Although I think this report will be helpful to anyone interested in competency-based education, it will be particularly useful to those interested in teaching and learning within competency-based schools, those working in rural communities, those thinking about how to create the competency-based infrastructure, and those working with Native American, Native Alaskan, and Native Hawaiian communities.

If you want to learn more about Chugach, we highly recommend Delivering on the Promise. It’s a great read for anyone who is trying to understand what competency-based education is really about.

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Dear Future Principal: Here is How You Can Positively Impact Student Learning

March 7, 2016 by

Time TravelThis past school vacation, I introduced my oldest two boys Brady and Cameron to the Back to the Future Trilogy, one of my all-time favorite movie series. Not surprisingly, they have now become obsessed with the fantasy of traveling back in time to connect with their younger counterparts to offer themselves advice on what their future might hold for them. Could they use this knowledge to improve their life? Could it help them avoid some major pitfalls? Like Brady and Cameron, I too dream about how my life might be different if I had knowledge of my future. What would I do differently at my school in my role as a high school principal, for example?

When I speak to school leaders about implementing a competency-based education model, I share a version of this story. In my version, I hypothesize about how the management of Blockbuster, one of America’s largest providers of home movie and video game rental services which reached its peak in 2004, would have played differently their decision to pass on buying Netflix for a bargain $50 million in 2000. “People will never want to order their movies online and wait for them to get mailed,” they might have said. “There will always be a need for a physical store where people can browse the movie and video game titles for themselves,” they might have added. Well, we all know how their story played out. If only they had knowledge about their future and how online subscriptions and streaming services would transform the media and entertainment sector in the first decade of the new millennium.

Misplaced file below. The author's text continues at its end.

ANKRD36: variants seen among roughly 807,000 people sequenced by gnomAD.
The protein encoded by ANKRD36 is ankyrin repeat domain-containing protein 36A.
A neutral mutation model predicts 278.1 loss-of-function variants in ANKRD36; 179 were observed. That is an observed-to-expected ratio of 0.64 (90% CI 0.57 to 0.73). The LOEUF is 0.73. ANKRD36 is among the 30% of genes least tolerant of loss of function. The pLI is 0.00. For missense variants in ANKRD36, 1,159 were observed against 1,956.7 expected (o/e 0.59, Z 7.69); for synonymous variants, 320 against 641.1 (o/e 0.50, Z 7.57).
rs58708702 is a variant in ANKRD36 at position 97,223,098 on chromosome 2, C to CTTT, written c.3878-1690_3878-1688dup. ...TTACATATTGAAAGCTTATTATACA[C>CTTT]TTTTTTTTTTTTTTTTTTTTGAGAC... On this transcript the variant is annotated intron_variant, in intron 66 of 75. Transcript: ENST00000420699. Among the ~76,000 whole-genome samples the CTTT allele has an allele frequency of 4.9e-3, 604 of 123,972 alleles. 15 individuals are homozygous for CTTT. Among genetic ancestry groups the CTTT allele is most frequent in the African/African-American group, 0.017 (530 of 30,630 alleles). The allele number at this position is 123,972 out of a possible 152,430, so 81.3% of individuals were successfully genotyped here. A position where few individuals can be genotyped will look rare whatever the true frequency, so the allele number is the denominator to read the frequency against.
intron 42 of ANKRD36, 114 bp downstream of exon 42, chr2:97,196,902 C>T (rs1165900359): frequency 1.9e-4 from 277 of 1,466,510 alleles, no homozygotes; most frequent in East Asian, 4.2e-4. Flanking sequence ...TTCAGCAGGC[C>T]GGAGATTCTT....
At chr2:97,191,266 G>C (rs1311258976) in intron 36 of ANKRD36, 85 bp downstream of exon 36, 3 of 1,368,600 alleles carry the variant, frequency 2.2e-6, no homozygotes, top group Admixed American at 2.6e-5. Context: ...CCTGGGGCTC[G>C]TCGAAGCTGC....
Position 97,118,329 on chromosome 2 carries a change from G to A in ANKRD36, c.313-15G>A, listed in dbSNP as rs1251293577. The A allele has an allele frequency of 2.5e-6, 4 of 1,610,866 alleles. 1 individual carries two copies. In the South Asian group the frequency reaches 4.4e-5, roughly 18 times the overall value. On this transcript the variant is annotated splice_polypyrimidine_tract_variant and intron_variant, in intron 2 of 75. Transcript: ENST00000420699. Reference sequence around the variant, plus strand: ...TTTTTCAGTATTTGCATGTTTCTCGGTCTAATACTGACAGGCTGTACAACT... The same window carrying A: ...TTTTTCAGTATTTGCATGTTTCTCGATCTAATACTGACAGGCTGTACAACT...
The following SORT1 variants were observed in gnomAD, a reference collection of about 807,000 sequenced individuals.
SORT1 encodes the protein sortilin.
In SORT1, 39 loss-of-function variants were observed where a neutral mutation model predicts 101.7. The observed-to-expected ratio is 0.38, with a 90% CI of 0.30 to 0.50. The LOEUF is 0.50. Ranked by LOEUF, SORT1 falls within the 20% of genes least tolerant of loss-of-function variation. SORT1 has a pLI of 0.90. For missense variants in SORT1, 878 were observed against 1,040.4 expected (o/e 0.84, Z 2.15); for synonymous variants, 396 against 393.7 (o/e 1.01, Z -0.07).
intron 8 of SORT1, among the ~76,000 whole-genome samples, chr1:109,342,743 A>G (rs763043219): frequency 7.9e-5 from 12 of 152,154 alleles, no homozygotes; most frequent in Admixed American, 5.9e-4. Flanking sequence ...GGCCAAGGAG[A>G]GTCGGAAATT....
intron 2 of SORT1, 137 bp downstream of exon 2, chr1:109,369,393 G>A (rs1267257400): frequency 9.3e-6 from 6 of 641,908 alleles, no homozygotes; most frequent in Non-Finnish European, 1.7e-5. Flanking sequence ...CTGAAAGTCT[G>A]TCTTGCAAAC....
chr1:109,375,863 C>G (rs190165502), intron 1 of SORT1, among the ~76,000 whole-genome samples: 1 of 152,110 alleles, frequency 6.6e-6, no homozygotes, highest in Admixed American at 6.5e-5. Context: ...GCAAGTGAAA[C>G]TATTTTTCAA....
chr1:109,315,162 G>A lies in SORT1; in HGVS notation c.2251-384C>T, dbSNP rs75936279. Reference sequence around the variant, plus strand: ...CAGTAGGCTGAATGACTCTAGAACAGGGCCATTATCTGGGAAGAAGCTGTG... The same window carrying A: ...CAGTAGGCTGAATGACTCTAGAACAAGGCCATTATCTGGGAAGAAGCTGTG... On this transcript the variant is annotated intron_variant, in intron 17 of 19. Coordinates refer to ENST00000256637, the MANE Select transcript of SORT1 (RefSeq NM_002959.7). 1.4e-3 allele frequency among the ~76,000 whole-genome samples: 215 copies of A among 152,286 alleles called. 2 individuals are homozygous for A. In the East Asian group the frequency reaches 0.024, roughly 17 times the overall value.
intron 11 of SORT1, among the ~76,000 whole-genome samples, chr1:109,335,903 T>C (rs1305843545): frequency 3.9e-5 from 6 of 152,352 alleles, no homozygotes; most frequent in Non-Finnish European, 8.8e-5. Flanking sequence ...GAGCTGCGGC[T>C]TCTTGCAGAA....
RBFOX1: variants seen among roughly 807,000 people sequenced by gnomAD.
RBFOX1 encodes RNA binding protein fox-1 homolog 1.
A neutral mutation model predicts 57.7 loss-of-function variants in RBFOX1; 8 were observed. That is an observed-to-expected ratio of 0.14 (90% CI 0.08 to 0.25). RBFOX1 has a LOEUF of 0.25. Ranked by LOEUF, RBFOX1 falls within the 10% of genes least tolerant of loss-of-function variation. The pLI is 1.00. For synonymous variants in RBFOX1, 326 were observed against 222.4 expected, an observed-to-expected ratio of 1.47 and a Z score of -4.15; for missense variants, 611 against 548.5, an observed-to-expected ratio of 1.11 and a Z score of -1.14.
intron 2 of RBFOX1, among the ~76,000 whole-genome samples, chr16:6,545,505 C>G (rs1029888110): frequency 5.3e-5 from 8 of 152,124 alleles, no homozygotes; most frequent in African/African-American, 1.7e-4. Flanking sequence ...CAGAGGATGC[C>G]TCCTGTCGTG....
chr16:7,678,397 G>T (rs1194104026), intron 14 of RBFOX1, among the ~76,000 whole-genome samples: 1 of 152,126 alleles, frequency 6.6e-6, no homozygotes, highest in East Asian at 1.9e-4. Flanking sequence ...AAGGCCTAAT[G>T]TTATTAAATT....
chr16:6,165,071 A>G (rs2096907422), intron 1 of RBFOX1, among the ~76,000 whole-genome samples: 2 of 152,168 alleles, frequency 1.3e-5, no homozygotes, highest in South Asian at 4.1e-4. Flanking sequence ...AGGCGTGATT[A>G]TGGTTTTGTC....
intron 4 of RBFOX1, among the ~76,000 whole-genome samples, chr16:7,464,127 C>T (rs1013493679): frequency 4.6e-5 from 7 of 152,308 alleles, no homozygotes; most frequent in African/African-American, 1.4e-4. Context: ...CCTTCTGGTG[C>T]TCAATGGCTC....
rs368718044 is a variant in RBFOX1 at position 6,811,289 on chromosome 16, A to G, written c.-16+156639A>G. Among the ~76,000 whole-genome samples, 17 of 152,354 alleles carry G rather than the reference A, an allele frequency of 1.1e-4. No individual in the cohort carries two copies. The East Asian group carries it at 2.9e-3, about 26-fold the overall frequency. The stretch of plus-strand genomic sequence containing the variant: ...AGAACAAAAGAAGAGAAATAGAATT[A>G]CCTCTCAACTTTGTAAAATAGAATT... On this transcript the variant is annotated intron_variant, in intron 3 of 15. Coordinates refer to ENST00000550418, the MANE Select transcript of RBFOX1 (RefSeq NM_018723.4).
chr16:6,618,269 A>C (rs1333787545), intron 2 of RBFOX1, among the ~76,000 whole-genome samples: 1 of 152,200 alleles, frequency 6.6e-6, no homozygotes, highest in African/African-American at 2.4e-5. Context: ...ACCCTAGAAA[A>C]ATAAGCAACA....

This year I will celebrate my sixth anniversary as Principal of Sanborn Regional High School in Kingston, New Hampshire. Early in this role my administrative team and I imagined a new design for our school that would utilize a competency-based, personalized model to engage our students in learning tasks and performance assessments that accurately measure learning and mastery of competency. In the Back to the Future movie series, the main characters often sent themselves letters of advice in the future and in the past. Here is the letter that I would write today to my counterpart who was in his first year as a school leader in 2010 working with his staff on a new competency-education design: (more…)

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Using Evidence to Enhance Learning

March 4, 2016 by

LibraryThis post originally appeared at Pam Harland’s blog on February 14, 2016.

As librarians, we are good at collecting data: circulation checkouts, database use, number of patrons walking into the library, etc. But how valuable is this information? This kind of data has little to do with our students learning to evaluate sources, gather evidence to support a claim, and ask good questions.

Librarians are reconsidering how to collect data about our school library programs. We all need to ask ourselves:

  • How does my work make a difference in improving teaching and learning?